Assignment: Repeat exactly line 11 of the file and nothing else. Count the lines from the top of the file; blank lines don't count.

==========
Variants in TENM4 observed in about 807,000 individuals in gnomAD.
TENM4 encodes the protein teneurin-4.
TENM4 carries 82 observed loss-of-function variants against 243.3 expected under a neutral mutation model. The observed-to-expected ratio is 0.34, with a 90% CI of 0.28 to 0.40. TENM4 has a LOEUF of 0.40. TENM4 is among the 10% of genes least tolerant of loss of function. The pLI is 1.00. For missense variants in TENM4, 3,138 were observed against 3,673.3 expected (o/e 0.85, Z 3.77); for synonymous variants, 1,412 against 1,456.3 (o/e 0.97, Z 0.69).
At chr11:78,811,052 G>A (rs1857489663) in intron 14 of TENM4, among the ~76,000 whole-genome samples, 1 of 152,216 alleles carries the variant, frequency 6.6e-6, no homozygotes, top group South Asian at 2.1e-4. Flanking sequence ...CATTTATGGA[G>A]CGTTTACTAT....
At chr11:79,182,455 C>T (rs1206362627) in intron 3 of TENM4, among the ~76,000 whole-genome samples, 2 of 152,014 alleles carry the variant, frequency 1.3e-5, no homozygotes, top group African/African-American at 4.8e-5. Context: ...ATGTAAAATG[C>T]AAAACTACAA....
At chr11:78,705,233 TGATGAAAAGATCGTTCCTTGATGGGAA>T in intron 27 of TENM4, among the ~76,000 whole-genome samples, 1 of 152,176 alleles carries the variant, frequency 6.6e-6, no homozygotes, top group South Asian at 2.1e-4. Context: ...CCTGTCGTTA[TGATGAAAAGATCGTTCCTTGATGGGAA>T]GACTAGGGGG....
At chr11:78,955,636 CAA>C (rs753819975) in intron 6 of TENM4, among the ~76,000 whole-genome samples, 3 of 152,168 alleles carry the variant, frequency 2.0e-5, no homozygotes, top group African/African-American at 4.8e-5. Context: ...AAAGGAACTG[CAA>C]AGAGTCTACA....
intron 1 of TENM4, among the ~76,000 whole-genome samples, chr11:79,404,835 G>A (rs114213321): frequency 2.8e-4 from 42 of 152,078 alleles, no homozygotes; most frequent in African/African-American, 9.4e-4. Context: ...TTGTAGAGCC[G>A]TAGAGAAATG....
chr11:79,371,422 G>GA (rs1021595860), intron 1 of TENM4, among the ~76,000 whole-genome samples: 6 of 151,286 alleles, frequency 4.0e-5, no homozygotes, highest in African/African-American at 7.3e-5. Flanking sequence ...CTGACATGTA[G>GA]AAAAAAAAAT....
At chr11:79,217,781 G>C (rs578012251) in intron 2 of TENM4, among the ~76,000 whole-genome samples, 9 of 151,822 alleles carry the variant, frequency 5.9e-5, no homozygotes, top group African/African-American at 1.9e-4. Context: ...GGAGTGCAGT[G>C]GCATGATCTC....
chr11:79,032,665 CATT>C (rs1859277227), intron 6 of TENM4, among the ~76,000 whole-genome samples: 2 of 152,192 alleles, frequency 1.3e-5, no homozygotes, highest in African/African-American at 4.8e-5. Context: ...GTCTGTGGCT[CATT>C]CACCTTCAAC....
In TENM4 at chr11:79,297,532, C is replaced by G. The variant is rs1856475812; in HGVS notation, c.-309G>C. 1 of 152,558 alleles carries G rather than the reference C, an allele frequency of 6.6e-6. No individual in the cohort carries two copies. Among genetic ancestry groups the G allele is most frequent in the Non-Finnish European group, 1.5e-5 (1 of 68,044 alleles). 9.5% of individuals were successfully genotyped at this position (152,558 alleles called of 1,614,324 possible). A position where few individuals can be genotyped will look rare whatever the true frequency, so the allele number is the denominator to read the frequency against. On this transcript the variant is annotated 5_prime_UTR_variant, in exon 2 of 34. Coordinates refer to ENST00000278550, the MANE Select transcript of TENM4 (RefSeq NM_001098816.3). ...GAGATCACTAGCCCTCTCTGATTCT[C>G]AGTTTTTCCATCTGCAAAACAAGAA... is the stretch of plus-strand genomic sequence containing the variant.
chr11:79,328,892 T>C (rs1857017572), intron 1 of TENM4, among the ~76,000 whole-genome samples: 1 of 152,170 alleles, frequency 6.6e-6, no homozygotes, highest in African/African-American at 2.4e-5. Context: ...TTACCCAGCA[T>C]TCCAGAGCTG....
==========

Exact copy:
chr11:79,032,665 CATT>C (rs1859277227), intron 6 of TENM4, among the ~76,000 whole-genome samples: 2 of 152,192 alleles, frequency 1.3e-5, no homozygotes, highest in African/African-American at 4.8e-5. Context: ...GTCTGTGGCT[CATT>C]CACCTTCAAC....